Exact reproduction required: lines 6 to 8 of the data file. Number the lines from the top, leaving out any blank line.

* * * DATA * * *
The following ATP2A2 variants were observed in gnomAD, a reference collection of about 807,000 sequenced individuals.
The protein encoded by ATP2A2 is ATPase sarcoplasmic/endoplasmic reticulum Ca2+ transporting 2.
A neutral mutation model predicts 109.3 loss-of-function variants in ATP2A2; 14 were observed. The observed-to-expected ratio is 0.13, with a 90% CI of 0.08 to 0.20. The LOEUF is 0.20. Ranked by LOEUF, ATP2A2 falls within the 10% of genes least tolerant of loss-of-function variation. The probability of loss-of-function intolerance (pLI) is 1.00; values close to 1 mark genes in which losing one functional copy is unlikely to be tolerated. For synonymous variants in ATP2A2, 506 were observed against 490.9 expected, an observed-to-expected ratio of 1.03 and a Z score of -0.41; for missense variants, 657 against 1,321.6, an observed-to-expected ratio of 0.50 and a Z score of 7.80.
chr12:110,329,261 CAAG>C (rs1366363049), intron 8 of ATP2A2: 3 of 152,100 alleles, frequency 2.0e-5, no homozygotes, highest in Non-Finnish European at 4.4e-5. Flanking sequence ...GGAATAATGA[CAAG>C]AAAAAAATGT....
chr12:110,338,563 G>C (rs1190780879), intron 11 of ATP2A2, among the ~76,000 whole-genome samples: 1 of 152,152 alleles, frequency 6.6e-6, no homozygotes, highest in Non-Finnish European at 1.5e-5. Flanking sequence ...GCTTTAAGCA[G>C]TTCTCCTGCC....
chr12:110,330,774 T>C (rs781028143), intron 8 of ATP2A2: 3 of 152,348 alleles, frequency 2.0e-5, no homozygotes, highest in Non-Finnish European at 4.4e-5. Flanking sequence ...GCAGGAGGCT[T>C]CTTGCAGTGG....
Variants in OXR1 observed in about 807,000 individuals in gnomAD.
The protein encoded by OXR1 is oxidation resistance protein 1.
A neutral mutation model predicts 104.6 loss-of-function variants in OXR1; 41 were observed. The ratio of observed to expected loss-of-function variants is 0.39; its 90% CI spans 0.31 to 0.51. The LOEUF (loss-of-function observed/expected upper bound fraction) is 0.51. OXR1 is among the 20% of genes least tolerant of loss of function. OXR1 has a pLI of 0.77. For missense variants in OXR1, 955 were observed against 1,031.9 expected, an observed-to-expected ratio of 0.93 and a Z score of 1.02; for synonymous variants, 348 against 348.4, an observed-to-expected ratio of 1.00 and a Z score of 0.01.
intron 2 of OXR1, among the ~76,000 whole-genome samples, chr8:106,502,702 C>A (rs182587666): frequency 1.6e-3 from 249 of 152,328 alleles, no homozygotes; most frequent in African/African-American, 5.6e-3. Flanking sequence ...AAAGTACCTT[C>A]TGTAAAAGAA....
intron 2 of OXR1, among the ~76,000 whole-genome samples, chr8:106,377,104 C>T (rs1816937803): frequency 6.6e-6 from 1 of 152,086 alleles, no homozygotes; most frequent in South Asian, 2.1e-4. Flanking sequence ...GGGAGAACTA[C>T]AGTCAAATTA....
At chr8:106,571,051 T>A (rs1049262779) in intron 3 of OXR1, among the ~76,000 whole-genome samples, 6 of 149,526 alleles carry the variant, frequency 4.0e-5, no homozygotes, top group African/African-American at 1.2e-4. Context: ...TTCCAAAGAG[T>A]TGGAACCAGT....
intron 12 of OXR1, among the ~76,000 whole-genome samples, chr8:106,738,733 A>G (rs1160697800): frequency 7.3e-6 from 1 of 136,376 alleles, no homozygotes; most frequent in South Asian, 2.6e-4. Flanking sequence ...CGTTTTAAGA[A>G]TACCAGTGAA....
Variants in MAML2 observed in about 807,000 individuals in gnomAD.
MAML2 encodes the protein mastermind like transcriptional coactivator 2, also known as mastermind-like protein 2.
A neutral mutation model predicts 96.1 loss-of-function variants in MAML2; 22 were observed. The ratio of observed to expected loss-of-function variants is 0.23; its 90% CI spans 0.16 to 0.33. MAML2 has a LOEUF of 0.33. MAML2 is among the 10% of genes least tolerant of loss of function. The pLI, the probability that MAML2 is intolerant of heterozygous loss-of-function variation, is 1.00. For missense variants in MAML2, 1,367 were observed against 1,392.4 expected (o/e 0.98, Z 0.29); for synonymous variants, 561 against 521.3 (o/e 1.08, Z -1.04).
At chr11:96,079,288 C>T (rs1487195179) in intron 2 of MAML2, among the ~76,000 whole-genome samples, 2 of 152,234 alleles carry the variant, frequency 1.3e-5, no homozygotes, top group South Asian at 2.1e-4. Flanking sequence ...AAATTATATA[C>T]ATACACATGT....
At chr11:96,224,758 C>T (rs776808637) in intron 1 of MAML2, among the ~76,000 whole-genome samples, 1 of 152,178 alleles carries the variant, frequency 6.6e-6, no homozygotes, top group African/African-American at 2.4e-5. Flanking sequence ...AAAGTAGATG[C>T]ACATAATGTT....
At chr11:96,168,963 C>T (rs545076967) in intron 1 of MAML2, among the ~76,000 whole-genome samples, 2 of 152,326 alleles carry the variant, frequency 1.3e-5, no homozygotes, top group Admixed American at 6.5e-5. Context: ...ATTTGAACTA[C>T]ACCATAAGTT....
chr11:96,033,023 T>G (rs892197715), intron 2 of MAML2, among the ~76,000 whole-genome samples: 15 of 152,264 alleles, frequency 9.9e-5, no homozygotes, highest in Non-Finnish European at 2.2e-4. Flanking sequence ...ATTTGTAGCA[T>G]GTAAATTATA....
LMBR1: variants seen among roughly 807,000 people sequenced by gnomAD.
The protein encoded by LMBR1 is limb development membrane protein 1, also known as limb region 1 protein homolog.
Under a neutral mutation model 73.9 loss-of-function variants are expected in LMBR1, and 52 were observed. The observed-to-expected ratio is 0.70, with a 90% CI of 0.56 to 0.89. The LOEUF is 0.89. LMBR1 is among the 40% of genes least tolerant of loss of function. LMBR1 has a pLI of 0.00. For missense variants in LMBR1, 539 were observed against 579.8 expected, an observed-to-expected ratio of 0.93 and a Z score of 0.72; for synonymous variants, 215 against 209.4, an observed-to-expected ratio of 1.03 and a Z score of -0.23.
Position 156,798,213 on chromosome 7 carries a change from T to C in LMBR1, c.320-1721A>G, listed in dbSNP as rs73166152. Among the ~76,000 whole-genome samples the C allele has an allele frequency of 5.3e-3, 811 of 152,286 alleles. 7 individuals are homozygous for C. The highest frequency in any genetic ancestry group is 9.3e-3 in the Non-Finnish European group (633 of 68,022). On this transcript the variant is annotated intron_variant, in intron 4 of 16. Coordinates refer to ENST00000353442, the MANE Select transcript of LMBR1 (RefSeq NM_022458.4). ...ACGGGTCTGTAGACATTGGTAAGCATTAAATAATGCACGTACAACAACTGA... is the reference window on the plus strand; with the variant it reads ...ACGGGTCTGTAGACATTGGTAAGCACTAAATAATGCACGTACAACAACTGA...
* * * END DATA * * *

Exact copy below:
chr12:110,330,774 T>C (rs781028143), intron 8 of ATP2A2: 3 of 152,348 alleles, frequency 2.0e-5, no homozygotes, highest in Non-Finnish European at 4.4e-5. Flanking sequence ...GCAGGAGGCT[T>C]CTTGCAGTGG....
Variants in OXR1 observed in about 807,000 individuals in gnomAD.
The protein encoded by OXR1 is oxidation resistance protein 1.